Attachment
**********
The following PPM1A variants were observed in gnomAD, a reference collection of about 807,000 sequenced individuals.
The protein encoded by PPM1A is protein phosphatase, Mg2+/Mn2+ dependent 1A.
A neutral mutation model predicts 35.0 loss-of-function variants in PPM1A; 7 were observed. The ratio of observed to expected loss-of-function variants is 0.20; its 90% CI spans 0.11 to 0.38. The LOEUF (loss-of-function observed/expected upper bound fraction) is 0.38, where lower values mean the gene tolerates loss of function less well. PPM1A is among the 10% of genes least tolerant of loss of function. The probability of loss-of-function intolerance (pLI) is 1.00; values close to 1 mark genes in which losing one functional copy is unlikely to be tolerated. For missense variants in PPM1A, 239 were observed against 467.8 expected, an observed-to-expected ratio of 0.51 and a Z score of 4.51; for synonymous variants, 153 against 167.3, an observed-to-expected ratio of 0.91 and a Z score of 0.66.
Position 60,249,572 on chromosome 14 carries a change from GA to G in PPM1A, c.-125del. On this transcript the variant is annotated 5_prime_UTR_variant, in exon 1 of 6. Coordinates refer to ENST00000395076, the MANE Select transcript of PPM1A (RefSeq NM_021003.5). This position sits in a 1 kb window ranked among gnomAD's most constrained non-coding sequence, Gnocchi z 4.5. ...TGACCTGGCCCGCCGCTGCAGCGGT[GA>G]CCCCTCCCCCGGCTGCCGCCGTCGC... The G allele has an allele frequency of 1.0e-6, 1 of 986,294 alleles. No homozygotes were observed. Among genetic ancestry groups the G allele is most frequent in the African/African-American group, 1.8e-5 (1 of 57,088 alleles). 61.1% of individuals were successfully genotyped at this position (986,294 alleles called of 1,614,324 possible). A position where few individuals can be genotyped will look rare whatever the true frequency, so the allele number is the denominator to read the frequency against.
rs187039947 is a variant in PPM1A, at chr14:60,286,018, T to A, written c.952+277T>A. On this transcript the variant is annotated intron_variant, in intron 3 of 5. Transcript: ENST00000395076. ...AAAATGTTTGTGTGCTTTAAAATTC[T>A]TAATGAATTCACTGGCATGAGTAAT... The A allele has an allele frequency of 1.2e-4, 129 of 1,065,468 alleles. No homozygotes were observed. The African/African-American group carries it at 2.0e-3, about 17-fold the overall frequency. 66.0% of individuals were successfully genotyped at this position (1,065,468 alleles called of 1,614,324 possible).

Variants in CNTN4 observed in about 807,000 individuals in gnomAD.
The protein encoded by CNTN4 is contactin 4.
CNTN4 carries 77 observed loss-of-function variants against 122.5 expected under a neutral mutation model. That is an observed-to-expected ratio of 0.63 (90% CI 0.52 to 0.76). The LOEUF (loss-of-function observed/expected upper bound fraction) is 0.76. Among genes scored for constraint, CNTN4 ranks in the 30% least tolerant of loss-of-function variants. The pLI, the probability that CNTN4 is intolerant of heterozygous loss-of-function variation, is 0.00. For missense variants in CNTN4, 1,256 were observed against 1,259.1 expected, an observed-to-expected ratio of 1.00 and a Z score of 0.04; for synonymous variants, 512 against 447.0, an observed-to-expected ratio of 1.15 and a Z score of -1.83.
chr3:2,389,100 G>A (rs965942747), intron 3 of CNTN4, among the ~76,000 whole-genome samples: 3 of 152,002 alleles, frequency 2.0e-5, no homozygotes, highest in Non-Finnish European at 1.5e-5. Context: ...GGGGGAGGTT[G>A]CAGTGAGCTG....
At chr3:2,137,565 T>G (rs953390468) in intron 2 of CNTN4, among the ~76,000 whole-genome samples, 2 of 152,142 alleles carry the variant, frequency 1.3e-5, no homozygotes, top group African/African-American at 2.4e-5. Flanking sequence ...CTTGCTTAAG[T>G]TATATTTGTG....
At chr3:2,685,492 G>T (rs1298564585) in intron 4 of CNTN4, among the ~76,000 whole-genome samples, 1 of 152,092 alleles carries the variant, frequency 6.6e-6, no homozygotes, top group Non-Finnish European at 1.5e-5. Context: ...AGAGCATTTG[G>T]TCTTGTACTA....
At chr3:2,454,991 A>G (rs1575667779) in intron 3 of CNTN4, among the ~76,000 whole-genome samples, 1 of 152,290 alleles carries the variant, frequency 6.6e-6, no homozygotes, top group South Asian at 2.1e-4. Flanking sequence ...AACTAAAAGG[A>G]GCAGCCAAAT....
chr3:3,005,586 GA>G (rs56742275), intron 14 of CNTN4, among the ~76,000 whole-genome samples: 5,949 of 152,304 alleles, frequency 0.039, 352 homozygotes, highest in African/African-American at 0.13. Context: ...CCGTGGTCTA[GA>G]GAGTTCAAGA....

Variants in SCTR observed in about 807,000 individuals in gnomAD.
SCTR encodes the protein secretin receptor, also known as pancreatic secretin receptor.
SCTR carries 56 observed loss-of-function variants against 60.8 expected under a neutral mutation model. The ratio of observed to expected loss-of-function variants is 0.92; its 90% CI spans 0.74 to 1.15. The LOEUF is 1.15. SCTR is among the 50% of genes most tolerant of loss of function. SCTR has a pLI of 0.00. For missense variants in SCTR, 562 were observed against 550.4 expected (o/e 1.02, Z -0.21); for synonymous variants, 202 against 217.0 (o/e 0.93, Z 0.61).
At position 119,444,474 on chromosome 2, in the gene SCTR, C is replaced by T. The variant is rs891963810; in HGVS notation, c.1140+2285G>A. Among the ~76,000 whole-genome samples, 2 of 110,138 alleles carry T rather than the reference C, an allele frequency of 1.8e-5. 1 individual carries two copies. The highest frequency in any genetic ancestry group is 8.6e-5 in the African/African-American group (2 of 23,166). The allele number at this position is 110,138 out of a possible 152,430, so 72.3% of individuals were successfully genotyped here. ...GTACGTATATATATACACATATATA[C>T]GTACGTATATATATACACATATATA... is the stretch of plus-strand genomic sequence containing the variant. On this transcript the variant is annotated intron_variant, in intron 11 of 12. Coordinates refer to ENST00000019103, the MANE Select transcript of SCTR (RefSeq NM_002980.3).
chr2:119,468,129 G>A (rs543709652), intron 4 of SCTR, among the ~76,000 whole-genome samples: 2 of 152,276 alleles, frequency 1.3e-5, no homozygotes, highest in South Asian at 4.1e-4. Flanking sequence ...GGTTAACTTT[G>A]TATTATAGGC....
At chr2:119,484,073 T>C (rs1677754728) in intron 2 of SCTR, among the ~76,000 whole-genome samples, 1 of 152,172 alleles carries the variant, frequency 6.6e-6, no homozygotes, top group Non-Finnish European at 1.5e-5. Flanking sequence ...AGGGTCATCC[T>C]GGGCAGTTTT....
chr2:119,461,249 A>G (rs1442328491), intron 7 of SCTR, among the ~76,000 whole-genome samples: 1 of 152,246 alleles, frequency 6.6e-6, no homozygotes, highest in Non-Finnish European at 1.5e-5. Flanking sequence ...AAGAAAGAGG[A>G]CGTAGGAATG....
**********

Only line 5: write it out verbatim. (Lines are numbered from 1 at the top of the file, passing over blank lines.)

rs187039947 is a variant in PPM1A, at chr14:60,286,018, T to A, written c.952+277T>A. On this transcript the variant is annotated intron_variant, in intron 3 of 5. Transcript: ENST00000395076. ...AAAATGTTTGTGTGCTTTAAAATTC[T>A]TAATGAATTCACTGGCATGAGTAAT... The A allele has an allele frequency of 1.2e-4, 129 of 1,065,468 alleles. No homozygotes were observed. The African/African-American group carries it at 2.0e-3, about 17-fold the overall frequency. 66.0% of individuals were successfully genotyped at this position (1,065,468 alleles called of 1,614,324 possible).